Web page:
Environmental Studies Department

HP Technology Grant 2007

ABSTRACT

 

In our project, technology is combined with environmental studies to teach students how to study and perform scientific research that is relevant to where they live, work and learn.

 

Wireless technology is integral to the course redesign through the use of the Internet, GPS, GIS, Google Earth and other state-of- the-art applications to gather data on mapping, biodiversity, waterways and watersheds, and community stakeholder perspectives.

 

Students do fieldwork in teams and communicate with faculty using mobile technology.

Female student holding HP tablet

Pictured: Using an HP Tablet, Environmnetal Studies students view wildlife images from tracking cameras.


FACULTY
  • Julie Phillips, Morgan Family Chair in Environmental Studies (PI)
  • Pat Cornely, Executive Director, Kirsch Center for Environmental Studies
  • Tanya Diamond, Field Study Instructor and Wildlife Biologist
IMPACT ON TEACHING

Students standing in a culvert

 

“We use rapid assessment and formal tracking techniques to locate animal movement patterns in Coyote Valley and determine the habitat connection points and the various species' movement needs.”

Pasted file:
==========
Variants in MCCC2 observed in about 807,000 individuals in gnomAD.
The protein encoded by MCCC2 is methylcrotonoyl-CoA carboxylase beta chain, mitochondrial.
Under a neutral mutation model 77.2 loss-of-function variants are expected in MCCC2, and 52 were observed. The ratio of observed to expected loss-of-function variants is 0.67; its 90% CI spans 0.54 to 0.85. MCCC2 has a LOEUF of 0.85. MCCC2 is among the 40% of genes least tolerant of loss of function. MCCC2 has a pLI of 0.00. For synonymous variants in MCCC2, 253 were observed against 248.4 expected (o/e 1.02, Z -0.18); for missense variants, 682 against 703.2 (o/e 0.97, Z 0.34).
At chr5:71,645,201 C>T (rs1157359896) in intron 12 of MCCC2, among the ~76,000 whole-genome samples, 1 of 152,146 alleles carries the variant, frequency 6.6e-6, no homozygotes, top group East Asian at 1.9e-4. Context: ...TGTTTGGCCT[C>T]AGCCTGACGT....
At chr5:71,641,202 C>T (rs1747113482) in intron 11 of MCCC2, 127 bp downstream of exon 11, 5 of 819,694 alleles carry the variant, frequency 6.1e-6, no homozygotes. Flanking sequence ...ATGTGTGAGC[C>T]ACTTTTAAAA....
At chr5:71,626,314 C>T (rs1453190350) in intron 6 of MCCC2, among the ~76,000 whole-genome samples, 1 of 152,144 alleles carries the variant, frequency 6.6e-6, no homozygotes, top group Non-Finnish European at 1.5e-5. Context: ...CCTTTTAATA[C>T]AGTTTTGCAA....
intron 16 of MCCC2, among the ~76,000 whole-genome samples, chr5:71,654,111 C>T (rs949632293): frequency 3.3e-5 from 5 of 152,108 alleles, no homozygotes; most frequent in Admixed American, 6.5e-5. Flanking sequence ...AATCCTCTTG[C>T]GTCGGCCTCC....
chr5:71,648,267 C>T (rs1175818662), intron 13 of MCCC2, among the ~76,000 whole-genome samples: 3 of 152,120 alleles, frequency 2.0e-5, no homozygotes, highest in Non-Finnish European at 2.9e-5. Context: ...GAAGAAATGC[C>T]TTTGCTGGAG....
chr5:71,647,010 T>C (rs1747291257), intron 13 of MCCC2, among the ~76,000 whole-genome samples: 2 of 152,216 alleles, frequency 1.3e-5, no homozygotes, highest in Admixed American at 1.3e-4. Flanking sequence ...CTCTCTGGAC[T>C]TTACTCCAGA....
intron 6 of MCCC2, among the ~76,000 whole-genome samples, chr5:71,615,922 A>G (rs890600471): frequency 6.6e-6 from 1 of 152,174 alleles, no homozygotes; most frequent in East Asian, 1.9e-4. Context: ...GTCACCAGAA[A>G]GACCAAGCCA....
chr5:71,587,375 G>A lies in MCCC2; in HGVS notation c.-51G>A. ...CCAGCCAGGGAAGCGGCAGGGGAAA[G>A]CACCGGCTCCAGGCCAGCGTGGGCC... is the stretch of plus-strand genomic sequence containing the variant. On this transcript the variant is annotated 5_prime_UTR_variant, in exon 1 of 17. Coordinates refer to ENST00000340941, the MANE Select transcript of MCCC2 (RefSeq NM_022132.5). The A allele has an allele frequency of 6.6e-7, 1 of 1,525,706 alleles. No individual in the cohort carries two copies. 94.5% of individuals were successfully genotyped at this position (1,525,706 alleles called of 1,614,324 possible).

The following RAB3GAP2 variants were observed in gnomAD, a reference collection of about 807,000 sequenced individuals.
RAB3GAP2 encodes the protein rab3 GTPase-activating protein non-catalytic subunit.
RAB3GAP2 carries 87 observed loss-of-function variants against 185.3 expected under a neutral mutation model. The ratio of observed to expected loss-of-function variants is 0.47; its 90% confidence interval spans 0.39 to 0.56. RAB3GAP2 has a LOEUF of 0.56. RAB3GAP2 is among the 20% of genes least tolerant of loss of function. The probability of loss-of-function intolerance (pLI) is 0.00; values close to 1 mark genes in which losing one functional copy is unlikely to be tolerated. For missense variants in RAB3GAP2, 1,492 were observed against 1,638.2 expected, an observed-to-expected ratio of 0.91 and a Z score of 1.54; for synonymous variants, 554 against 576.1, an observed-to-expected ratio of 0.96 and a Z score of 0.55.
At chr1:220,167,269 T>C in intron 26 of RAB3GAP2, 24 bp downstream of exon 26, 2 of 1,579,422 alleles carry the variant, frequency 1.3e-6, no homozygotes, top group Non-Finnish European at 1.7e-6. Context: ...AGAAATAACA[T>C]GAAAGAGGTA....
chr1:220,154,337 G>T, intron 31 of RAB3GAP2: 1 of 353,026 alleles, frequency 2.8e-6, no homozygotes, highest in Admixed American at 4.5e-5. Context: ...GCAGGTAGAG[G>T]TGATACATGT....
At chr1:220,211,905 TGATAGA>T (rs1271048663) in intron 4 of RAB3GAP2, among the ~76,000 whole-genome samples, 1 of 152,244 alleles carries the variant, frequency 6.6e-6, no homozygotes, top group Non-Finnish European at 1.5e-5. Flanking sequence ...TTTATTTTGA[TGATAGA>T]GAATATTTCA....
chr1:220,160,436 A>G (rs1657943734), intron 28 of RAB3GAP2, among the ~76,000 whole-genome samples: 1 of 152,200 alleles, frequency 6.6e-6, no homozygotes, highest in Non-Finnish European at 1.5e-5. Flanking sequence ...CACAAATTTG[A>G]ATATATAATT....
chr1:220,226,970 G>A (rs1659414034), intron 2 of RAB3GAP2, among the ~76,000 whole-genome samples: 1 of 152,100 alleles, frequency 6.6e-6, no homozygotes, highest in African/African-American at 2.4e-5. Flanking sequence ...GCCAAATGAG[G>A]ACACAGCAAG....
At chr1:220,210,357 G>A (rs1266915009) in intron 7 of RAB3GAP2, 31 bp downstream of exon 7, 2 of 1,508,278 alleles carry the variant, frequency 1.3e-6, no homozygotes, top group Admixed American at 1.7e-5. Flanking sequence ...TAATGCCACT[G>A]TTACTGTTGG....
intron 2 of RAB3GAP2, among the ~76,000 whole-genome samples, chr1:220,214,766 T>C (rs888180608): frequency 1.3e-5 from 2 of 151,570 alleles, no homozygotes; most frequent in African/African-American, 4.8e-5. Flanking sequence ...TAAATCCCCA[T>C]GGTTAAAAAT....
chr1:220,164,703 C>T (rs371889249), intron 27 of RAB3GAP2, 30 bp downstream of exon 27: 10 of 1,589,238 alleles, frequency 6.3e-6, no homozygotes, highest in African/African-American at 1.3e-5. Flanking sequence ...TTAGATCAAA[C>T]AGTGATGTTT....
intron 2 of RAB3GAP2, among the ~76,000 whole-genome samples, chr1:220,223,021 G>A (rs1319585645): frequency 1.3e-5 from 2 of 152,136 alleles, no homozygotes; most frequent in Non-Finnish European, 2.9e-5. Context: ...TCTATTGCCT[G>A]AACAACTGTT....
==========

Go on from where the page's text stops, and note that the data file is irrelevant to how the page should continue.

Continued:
“HP Technology has also evolved our field protocols and greatly enhanced the research being conducted.”

-Veronica Davis

 

Pictured: Large terrestrial mammals
finding their way under Highway 101


IMPACT ON STUDENT LEARNING

“The computers have been invaluable in helping us to learn to use GIS technology, which is becoming more and more important to conservation work.”

-Melissa Dekoven & Jessica Gonzalez

“We also feel that we have more ownership of our work, because rather than turning our data in to someone else to process and analyze, we do it ourselves and get to see the results of our work.”

-Veronica Davis


TECHNOLOGY INTEGRATION

“HP Tablets make field work so much more efficient. For example, we use digital infrared motion-sensor cameras. Prior to using the HP Tablets, we lost valuable time each week through removing the cameras, taking them home, downloading images and then putting the cameras back in the field.”

-Josh Goodwin

Students working in Coyote Valley

Multi species animal tracks



Environmental Studies
Building: Kirsch Center
Contact: Pat Cornely
Phone: 408.864.8628
Office: KC 218 sizeplaceholder


Last Updated: 3/26/09